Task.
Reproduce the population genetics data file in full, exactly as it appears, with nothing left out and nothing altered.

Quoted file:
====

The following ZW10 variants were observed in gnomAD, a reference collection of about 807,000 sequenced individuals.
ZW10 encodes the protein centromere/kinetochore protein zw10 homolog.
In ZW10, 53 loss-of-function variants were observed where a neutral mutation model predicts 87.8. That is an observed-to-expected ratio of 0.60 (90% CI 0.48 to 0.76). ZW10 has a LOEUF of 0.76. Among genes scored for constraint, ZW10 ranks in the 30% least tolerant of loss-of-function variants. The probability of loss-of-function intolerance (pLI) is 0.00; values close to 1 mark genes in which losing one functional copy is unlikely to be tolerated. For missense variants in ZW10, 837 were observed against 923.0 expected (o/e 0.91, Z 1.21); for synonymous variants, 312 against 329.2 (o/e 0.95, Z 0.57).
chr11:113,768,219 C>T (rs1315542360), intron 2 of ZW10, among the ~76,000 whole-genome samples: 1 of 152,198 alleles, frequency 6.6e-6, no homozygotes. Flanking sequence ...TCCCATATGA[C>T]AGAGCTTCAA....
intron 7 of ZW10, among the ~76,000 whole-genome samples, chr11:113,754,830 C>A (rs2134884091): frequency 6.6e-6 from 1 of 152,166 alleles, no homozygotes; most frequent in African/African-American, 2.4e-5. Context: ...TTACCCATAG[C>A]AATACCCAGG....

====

The following ZW10 variants were observed in gnomAD, a reference collection of about 807,000 sequenced individuals.
ZW10 encodes the protein centromere/kinetochore protein zw10 homolog.
In ZW10, 53 loss-of-function variants were observed where a neutral mutation model predicts 87.8. That is an observed-to-expected ratio of 0.60 (90% CI 0.48 to 0.76). ZW10 has a LOEUF of 0.76. Among genes scored for constraint, ZW10 ranks in the 30% least tolerant of loss-of-function variants. The probability of loss-of-function intolerance (pLI) is 0.00; values close to 1 mark genes in which losing one functional copy is unlikely to be tolerated. For missense variants in ZW10, 837 were observed against 923.0 expected (o/e 0.91, Z 1.21); for synonymous variants, 312 against 329.2 (o/e 0.95, Z 0.57).
chr11:113,768,219 C>T (rs1315542360), intron 2 of ZW10, among the ~76,000 whole-genome samples: 1 of 152,198 alleles, frequency 6.6e-6, no homozygotes. Flanking sequence ...TCCCATATGA[C>T]AGAGCTTCAA....
intron 7 of ZW10, among the ~76,000 whole-genome samples, chr11:113,754,830 C>A (rs2134884091): frequency 6.6e-6 from 1 of 152,166 alleles, no homozygotes; most frequent in African/African-American, 2.4e-5. Context: ...TTACCCATAG[C>A]AATACCCAGG....